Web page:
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INTJ

Facebook may need group therapy to fix its engineering culture

Facebook
“I wish I could tell you we’re going to be able to stop all interference.”
  • Janet Guyon
By Janet Guyon

Technology editor

This article is more than 2 years old.

Mark Zuckerberg would likely see little resemblance between Facebook and Royal Dutch Shell. But in one key respect, the social network and the oil giant are similar—and that similarity may be a source of Facebook’s current woes.

Like Shell, Facebook is full of engineers, mainly introverted men who tend to make decisions based on emotionless analysis. Zuckerberg himself is pegged as an introvert, specifically an INTJ personality type on the Myers-Briggs scale, a personality assessment test still used by many organizations to evaluate how management teams interact with one another. (Facebook says it does not know if its CEO meets the the INTJ test, but certainly the internet believes he does.)

INTJ types—introverted, intuitive, thinking, judgment—are said to account for 2% of the US population. They typically make decisions based on intuition and logic, can come off as reserved or aloof, and tend to see small talk and social interaction as a waste of time. That’s an ironic contradiction for someone who created a social network used by 2.2 billion people.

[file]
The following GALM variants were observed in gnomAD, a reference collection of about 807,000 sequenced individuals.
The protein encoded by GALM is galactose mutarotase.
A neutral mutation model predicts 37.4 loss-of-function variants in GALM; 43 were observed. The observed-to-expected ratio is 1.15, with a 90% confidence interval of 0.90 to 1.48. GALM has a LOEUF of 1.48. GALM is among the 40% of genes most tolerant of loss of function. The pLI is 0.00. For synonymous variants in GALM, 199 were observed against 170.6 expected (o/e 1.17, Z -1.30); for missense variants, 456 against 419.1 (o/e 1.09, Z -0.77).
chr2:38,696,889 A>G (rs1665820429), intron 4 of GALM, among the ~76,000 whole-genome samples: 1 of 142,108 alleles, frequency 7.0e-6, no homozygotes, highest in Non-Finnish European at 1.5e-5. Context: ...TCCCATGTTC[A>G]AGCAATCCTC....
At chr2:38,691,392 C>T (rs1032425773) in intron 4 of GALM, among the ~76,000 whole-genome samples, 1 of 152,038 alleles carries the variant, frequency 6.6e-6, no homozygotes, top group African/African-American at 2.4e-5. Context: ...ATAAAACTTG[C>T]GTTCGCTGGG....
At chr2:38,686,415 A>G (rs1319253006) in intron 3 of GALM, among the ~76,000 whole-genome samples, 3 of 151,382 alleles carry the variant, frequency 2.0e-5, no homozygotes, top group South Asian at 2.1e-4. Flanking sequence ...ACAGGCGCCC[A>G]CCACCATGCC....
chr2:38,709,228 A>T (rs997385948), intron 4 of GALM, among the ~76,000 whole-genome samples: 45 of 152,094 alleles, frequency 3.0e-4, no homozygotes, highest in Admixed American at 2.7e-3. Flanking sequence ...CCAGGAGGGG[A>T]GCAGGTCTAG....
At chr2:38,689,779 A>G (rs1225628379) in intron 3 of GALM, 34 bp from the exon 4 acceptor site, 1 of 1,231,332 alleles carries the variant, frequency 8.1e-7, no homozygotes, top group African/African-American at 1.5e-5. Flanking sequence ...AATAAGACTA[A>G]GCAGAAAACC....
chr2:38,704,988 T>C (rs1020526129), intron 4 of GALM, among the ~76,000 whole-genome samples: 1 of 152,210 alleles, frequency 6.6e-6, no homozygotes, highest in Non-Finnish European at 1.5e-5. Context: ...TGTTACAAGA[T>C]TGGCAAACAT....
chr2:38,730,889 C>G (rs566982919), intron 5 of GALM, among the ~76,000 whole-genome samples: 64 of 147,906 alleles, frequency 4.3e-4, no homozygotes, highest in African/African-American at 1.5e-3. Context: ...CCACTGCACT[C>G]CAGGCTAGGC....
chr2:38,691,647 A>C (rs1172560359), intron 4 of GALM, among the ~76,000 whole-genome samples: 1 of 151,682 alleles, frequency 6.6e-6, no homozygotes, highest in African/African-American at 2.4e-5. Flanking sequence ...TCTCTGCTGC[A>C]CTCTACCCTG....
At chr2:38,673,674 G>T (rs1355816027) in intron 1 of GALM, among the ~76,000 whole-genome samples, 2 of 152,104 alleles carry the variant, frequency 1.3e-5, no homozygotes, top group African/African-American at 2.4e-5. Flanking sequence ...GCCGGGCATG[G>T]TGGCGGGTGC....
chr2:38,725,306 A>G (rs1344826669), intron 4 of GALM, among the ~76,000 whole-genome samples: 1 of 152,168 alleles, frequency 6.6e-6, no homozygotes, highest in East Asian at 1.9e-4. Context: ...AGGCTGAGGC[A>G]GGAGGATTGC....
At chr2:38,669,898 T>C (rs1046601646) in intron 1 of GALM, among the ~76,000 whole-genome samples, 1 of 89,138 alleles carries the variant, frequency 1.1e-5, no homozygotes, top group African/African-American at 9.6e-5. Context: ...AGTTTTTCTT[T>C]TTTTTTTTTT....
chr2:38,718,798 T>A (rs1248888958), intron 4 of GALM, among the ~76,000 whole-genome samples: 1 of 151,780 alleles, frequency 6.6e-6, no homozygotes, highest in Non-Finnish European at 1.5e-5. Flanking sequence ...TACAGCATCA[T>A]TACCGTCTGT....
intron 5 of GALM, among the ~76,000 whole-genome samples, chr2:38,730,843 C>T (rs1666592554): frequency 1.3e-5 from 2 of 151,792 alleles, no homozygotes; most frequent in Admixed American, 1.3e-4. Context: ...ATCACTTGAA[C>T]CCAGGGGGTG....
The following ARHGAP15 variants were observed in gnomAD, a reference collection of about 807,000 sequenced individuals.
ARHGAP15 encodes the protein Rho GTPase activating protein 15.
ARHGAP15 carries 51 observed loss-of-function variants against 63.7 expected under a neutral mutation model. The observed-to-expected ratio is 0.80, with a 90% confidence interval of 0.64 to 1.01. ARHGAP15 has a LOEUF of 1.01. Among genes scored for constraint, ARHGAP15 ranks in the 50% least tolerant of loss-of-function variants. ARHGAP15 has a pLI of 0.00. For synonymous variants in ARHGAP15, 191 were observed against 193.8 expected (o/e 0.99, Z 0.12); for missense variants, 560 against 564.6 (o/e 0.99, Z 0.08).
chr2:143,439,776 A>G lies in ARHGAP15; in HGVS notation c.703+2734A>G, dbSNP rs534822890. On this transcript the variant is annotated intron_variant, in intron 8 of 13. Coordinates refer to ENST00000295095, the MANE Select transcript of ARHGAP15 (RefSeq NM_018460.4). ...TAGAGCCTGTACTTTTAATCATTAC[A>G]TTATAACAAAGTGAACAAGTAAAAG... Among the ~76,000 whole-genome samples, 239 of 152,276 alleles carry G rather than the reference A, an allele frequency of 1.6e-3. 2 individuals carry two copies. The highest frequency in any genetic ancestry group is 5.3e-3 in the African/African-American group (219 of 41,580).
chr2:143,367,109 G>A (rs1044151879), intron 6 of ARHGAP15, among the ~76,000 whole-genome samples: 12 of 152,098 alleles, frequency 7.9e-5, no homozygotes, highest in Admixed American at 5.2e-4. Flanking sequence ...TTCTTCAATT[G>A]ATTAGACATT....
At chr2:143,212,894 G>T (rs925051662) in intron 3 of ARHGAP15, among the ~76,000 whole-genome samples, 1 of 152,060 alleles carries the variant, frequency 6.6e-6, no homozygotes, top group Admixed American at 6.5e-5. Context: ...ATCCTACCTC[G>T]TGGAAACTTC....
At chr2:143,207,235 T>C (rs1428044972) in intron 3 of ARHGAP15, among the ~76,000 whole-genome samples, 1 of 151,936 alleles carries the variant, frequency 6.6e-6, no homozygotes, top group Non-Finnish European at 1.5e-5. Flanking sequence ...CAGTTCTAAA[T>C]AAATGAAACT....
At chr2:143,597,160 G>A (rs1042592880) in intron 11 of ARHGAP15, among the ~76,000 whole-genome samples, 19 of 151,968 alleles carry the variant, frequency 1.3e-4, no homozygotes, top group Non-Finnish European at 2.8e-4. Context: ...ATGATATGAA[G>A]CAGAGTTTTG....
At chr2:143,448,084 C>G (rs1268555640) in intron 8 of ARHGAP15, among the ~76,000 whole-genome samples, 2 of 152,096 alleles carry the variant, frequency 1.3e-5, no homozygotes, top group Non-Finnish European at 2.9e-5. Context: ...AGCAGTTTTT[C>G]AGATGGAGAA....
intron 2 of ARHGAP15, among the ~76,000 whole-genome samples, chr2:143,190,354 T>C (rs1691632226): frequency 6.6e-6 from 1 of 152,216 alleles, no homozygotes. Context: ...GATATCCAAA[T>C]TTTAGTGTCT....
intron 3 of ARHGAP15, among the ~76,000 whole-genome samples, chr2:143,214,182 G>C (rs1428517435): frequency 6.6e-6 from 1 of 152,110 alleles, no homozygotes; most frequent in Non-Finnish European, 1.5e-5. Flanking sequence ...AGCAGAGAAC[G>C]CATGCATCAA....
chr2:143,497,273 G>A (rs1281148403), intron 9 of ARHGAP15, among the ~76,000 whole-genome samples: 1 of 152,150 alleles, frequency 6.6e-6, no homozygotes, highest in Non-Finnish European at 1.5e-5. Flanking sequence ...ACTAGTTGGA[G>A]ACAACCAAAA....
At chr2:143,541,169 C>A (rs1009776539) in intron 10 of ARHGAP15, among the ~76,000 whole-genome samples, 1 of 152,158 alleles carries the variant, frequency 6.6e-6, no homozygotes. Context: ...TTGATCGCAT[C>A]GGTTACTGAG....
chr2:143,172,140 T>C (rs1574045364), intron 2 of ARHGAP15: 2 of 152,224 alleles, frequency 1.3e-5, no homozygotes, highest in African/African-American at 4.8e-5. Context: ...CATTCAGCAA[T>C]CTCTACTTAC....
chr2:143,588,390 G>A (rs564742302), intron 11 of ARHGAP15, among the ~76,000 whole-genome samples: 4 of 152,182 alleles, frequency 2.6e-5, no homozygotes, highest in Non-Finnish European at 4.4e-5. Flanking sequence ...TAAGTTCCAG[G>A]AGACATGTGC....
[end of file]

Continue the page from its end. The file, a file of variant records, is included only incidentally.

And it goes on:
Such personalities generally do well in technical or engineering businesses, as well as law, and some find business careers reasonably challenging. Chatty activities like sales, which require extroversion, are probably not a good idea, which may explain why Zuckerberg prefers to send emissaries to do things like testify in front of Congress, which he will be doing on April 11.

Two decades ago, like Facebook now, Shell found itself in an existential crisis, on the defense against environmentalists and political activists. Run by Dutch and British men, Shell was then the world’s most profitable company, and also viewed itself as the most responsible of the big oil firms; it was particularly concerned about how its global operations affected the world. As part of an effort to fix Shell’s culture and readjust its vision, the entire management team took the Myers-Briggs test.

It turned out they were all INTJs. They had very little sensitivity to emotional matters, and most people saw them as cold technocrats. Because the executive team valued thinking over emotional decision-making, they struggled to understand why, if they were trying to do the right thing, it didn’t appear that way to the general public. With lots of help from outside consultants, the entire company went through a kind of group therapy to better identify its blind spots.

Facebook may not need group therapy. But it clearly needs to get a better grip on the implications of the communications platform it created. Perhaps hiring a few actors or musicians—ENFPs: extraversion, intuition, feeling, perception—would be a good start.

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